Date: Fri Nov 02 2007 - 06:22:56 CST
Quoting Andrew West <firstname.lastname@example.org>:
> On 01/11/2007, John H. Jenkins <email@example.com> wrote:
>> > If you were going to ask me what the "best" way to represent kanji
>> > ligatures such as <U+2FF5 U+9580 U+9F8D> would be under an ideal
>> > Unicode model, I would say as <U+9580 U+200D U+9F8D>, using ZWJ to
>> > indicate the ligation, and smart fonts would ligate the two components
>> > into a single glyph if they could.
>> Actually, do it without the ZWJ, which would break the IDS syntax.
>> Just make the ligature on by default.
> To clarify, in my ideal world IDS sequences would not be composable
> into a single glyph by fonts, but would always be rendered as a
> sequence of IDC and ideographic characters. I would use ZWJ for
> hanzi/kanji ligation without any IDC characters. The obvious
> disadvantage to this is that it does give the font any clues as to
> what the character should look like, but that is true for all scripts
> that have ligatures. In the case of simple kanji ligatures the
> resultant glyph is usually self-evident, but in any case font
> designers would probably have to know which particular kanji ligatures
> they wanted to support in the first place.
> The beauty of the ZWJ model (or evilness of the model, depending on
> your point of view) is that an A-ZWJ-B ligature may look exactly the
> same as a B-ZWJ-A ligature but would be treated as distinct entities.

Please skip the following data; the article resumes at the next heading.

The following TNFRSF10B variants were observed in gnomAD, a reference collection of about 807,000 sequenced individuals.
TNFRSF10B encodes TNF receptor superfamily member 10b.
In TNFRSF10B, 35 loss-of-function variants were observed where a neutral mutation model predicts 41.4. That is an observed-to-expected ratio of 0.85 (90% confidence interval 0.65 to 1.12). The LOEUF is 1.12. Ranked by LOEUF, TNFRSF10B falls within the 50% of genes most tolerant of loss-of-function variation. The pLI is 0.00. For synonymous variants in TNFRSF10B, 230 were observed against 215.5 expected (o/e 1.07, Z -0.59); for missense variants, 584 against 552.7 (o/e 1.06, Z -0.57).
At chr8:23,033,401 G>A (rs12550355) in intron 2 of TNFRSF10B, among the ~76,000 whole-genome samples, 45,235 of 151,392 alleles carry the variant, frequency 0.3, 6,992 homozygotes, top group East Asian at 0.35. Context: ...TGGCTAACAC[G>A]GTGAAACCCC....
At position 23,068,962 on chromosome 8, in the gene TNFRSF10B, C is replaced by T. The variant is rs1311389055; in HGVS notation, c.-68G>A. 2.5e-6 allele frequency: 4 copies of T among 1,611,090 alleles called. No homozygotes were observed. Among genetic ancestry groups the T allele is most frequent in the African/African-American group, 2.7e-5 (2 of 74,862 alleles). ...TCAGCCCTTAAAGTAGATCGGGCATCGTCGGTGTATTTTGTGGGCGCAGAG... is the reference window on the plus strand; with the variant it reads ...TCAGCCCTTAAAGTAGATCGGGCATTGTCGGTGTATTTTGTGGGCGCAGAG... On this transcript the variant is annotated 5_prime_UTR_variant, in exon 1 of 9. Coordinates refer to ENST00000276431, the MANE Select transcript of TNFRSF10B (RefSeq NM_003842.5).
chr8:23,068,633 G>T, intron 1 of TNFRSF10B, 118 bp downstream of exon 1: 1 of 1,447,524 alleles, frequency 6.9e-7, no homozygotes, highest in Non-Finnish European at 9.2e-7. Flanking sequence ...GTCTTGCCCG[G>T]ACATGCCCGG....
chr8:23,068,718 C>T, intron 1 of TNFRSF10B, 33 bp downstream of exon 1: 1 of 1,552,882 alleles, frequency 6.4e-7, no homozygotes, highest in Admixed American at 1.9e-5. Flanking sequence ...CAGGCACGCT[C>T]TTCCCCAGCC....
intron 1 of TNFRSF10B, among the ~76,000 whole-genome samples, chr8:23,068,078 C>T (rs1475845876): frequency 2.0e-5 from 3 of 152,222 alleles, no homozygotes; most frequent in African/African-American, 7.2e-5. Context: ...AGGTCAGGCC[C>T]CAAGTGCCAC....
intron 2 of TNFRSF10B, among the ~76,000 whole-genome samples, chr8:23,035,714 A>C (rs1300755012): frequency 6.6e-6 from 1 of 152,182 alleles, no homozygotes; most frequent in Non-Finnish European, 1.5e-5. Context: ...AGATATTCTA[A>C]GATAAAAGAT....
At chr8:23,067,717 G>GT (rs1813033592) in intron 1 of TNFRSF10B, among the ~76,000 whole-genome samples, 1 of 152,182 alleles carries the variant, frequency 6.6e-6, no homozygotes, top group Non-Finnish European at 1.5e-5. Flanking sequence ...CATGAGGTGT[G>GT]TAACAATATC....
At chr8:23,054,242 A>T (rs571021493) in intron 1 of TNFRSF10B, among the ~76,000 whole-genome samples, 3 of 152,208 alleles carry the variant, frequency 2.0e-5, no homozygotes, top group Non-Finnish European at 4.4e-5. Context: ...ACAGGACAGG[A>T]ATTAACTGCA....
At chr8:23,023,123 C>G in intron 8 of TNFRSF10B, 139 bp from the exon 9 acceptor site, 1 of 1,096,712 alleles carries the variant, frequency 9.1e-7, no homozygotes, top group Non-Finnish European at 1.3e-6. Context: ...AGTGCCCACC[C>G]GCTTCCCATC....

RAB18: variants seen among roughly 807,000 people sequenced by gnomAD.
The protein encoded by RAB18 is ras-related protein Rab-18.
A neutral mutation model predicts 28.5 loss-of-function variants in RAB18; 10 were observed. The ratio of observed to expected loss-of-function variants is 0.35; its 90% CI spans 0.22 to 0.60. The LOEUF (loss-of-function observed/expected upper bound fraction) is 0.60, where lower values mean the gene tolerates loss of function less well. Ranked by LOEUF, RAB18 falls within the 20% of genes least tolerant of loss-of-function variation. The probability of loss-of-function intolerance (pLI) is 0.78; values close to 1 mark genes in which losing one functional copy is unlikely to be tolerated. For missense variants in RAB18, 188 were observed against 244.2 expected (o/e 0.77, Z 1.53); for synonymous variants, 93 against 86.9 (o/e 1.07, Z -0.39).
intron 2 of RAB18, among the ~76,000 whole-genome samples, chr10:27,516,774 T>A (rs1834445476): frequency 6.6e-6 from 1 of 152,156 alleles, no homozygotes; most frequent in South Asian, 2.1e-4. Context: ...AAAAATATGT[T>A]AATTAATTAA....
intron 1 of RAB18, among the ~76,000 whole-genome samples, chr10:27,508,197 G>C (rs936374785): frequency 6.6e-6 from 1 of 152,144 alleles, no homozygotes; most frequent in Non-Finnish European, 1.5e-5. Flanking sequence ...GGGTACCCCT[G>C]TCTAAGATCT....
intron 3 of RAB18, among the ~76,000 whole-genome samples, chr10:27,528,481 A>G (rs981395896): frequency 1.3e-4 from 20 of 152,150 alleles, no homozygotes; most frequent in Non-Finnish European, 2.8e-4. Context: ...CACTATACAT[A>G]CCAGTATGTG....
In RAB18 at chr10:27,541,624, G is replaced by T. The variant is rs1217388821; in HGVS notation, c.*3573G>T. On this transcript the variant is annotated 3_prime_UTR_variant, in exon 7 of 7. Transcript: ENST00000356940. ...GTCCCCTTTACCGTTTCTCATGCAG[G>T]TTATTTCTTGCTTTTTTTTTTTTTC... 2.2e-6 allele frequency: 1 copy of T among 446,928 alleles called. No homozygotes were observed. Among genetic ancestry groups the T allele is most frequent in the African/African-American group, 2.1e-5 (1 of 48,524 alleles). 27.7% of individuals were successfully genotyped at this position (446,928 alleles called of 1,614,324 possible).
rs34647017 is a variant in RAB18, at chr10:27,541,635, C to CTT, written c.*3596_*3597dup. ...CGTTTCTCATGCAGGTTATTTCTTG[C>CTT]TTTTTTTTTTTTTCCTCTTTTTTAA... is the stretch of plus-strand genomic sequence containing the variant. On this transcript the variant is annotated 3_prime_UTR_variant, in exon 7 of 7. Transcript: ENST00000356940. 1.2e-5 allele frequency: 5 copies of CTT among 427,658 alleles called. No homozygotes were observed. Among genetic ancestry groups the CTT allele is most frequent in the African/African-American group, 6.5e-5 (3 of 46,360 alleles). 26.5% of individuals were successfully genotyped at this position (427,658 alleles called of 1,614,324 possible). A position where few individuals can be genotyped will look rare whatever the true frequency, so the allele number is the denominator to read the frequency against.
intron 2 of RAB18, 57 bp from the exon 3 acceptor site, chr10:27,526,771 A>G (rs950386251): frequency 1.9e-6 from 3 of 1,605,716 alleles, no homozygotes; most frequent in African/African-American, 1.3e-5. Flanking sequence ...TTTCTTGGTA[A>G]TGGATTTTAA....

> Thus, if someone wanted to create a ligature of U+9F8D ? long2
> "dragon" U+9580 ? men2 "gate" as cute way of writing Longmen ??
> "Dragon's Gate", with U+9F8D inside U+9580 they could do so with the
> sequence <U+9F8D U+200D U+9580> (representing the logical order of
> the ligatured characters). This would render the same as Ben's
> <U+9580 U+200D U+9F8D>, but would be treated differently by search
> engines, etc.
Yes though the question is of course what is obvious cf
> Incidentally, if Ben does want to find evidence for <U+2FF5 U+9580
> U+9F8D> that will satisfy UTC and WG2 then my suggestion is that he
> trawls through the corpus of literature relating to the Longmen
> Grottoes <http://en.wikipedia.org/wiki/Longmen_Grottoes> and ancient
> descriptions of walled cities with gates named Longmen -- I'm sure
> that someone sometime somewhere must have already created the
> character as a shorthand for <U+9F8D U+9580>. The thing that really
> surprises me is that it is not already encoded, when we have
> characters such as:
There are literally thousand, tens of thousands of very simple
characters not encoded. The simplest ones I can think of have only
four strokes to them. The most well known being the rectangle with a
vertical line; and my favourite consists of U+5B50 子 U+529B
力, Zhuang lwg meaning child.
Can anyone think of a 3 stroke character that is on the list of to be encoded?
The point of the above being if even fairly common four stroke
characters are yet to be enoced there should be no suprize that
<U+9F8D U+9580> has not.
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